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New Bill Expands on UK's 'Snoopers Charter'

2015-05-28 03:50

The UK government has signaled that it wants to press ahead with increased powers of data collection and retention for the police and GCHQ.

The Investigatory Powers Bill, introduced during the Queen's Speech this week, aims to "modernize the law on communications data” in the name of national security and “keeping your family safe.”

Details are scant, but "the legislation covers all investigatory powers including communications data, where the government has long maintained that the gaps in capabilities are putting lives at risk," Prime Minister David Cameron said about the speech. "The legislation will enable the continuation of the targeting of terrorist communications and other capabilities."

The language is very much in line with the so-called “Snooper’s Charter,” a.k.a. Britain's Communications Data Bill, which would broaden government surveillance capabilities to include the investigation of the content of any citizen’s communications without a warrant. Tory heads, along with MI5 head Andrew Parker, have been firm in calling for the Snooper’s Charter to be back on the docket—it has up until now not had the majority support that it needs to become law. With the new Conservative-led government, that could change.

The language also dovetails with Cameron’s prior statements, including the assertion that communications that “can’t be read” by government should not be allowed.

Earlier this year, the PM made the case against the use of apps like WhatsApp and Apple’s iMessage, which encrypt their communications end-to-end. He said that law enforcement should have recourse to track extremists using whatever information they can put at their disposal. He pointed out that letters and phone calls have always been available to lawful intercept in such cases, and that internet communications should be no different.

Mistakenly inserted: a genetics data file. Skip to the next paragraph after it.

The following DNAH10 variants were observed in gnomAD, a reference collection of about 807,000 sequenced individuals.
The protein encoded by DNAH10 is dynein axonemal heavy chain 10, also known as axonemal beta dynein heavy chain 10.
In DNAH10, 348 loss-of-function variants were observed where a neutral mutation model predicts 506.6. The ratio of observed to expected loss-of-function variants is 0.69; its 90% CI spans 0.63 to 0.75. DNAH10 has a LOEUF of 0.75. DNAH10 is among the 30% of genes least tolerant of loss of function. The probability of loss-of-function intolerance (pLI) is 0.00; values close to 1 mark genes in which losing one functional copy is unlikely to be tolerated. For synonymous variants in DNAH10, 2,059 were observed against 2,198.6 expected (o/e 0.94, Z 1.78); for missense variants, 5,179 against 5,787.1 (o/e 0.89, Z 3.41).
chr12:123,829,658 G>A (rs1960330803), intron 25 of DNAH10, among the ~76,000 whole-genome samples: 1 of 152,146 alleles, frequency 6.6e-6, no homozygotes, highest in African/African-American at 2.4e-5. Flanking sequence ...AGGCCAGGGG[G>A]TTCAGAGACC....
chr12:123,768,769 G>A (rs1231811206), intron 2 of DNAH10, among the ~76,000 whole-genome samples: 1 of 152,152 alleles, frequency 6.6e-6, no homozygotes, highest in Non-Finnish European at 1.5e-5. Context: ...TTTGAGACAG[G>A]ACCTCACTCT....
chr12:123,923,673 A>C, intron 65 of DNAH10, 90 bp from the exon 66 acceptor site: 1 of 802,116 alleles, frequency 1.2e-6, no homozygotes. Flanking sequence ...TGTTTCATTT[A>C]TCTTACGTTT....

“In extremis, it has been possible to read someone’s letter, to listen to someone’s call, to mobile communications,” Cameron said back in January. “The question remains: are we going to allow a means of communications where it simply is not possible to do that? My answer to that question is: no, we must not.”

Further details of the new initiative will be released in the coming days, but for now there are broad brushstrokes to point to:

The Act will:

  • Give new powers to police and intelligence agencies to "keep you and your family safe."
  •  Fill gaps in existing surveillance and data collection laws that make it difficult to "combat terrorism and other serious crime."
  • Maintain current abilities to target online communications of terrorists, paedophiles and other serious criminals.
  • Modernize outdated laws to ensure that they are fit for the purpose.       
  • Ensure there are appropriate oversight and safeguards for how the powers are used.                   

Source: /srepoons-sku-no-sdnapxe-llib-wen/swen/moc.enizagam-ytirucesofni.www

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